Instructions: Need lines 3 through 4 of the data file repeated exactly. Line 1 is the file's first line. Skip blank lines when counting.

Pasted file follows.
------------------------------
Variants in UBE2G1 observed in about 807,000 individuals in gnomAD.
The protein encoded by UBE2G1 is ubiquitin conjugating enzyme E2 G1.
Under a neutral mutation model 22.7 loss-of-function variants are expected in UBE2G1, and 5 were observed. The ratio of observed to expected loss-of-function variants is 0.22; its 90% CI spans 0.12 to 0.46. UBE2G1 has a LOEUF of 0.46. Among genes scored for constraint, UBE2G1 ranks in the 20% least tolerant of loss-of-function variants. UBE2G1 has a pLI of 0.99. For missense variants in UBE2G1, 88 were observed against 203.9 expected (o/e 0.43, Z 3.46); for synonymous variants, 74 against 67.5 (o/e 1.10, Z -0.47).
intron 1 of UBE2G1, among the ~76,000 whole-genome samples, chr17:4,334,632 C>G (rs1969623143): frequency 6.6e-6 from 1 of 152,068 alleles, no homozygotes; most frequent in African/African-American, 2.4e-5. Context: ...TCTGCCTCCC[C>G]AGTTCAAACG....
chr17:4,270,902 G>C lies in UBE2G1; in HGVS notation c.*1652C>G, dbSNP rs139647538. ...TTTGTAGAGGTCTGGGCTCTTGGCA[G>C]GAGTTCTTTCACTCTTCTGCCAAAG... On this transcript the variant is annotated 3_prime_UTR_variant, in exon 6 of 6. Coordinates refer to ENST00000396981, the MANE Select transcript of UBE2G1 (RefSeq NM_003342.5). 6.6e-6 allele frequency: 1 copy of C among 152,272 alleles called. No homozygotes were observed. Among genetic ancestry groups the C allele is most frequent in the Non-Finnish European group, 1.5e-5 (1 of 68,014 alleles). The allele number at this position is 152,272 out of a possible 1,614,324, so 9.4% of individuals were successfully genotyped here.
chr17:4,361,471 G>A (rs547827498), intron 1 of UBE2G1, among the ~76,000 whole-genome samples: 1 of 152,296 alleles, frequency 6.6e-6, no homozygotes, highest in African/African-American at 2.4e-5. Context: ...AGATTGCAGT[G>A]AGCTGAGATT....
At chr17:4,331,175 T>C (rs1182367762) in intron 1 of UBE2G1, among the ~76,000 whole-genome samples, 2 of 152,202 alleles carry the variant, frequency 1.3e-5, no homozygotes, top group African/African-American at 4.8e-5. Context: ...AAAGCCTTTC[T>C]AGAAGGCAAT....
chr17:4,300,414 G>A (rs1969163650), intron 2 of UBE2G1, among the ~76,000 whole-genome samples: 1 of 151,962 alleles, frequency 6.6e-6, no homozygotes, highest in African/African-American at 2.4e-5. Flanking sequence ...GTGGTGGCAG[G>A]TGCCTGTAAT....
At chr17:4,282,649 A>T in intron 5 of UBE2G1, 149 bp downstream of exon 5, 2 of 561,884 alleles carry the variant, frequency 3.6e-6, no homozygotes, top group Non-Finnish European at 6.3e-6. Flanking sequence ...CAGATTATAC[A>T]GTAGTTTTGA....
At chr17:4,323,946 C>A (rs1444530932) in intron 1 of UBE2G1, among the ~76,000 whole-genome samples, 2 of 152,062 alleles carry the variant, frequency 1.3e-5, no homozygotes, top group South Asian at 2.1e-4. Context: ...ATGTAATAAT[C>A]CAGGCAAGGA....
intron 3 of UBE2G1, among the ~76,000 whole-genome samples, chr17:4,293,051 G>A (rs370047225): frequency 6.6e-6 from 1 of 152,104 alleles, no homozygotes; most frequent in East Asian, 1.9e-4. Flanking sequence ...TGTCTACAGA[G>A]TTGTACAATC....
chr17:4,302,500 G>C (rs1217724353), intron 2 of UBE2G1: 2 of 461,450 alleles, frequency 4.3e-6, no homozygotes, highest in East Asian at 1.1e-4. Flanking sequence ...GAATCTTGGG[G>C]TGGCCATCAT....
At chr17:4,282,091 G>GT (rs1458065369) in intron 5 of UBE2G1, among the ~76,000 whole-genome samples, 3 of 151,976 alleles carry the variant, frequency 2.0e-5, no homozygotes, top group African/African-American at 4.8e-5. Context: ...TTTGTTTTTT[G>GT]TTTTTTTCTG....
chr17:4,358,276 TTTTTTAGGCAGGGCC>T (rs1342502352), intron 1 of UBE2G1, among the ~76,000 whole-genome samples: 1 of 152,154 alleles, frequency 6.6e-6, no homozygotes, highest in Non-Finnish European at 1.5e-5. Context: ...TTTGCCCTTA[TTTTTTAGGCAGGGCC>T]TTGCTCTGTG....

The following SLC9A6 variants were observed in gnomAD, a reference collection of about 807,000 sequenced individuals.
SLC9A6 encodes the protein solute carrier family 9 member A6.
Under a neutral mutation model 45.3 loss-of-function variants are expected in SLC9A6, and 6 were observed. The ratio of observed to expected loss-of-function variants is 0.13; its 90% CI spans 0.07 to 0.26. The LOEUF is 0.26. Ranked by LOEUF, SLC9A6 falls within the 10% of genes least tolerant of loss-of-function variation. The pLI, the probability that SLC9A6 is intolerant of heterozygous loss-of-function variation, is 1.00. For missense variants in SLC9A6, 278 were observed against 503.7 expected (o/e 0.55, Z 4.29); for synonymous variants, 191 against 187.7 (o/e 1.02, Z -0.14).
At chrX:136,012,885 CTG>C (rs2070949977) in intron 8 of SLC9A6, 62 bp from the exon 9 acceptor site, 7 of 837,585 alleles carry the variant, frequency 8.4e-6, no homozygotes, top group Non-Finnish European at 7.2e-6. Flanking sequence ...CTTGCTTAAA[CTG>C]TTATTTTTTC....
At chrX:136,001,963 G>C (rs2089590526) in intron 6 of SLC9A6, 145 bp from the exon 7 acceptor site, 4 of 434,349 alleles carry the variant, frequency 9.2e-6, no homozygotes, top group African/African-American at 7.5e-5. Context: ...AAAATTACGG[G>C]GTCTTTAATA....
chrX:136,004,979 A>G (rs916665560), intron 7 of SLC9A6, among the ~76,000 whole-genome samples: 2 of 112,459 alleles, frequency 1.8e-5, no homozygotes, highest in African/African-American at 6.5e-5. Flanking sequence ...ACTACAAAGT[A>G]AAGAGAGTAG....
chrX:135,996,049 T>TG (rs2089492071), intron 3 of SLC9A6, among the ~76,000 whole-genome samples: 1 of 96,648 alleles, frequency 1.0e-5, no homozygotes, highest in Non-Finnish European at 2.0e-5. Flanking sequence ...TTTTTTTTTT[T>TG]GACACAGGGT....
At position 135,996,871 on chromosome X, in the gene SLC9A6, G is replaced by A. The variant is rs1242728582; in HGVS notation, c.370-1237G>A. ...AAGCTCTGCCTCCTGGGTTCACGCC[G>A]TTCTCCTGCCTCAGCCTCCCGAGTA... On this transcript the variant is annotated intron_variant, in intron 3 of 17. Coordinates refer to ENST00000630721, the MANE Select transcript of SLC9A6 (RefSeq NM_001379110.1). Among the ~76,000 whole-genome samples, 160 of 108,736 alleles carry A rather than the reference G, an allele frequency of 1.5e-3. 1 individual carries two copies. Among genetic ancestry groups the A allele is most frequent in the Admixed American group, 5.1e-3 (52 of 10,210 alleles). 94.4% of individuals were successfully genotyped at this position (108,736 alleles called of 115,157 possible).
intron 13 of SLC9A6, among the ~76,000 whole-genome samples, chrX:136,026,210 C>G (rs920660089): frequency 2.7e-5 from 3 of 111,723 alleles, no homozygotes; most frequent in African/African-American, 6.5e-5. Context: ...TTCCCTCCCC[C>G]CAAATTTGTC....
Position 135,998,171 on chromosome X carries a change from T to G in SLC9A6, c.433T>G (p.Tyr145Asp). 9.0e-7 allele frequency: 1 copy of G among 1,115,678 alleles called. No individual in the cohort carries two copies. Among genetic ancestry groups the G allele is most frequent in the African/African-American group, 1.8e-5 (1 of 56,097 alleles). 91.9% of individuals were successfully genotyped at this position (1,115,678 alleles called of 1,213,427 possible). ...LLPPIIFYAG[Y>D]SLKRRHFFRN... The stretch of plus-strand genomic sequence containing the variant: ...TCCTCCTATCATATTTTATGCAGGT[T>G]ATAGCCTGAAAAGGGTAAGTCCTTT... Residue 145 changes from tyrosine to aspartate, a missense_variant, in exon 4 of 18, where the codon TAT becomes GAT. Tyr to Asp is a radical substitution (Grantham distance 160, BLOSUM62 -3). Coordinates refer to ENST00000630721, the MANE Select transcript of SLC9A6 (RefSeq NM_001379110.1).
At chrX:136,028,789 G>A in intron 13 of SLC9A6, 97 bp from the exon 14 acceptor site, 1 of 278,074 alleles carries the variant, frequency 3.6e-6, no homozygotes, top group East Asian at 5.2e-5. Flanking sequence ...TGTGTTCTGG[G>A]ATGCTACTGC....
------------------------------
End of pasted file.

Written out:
Under a neutral mutation model 22.7 loss-of-function variants are expected in UBE2G1, and 5 were observed. The ratio of observed to expected loss-of-function variants is 0.22; its 90% CI spans 0.12 to 0.46. UBE2G1 has a LOEUF of 0.46. Among genes scored for constraint, UBE2G1 ranks in the 20% least tolerant of loss-of-function variants. UBE2G1 has a pLI of 0.99. For missense variants in UBE2G1, 88 were observed against 203.9 expected (o/e 0.43, Z 3.46); for synonymous variants, 74 against 67.5 (o/e 1.10, Z -0.47).
intron 1 of UBE2G1, among the ~76,000 whole-genome samples, chr17:4,334,632 C>G (rs1969623143): frequency 6.6e-6 from 1 of 152,068 alleles, no homozygotes; most frequent in African/African-American, 2.4e-5. Context: ...TCTGCCTCCC[C>G]AGTTCAAACG....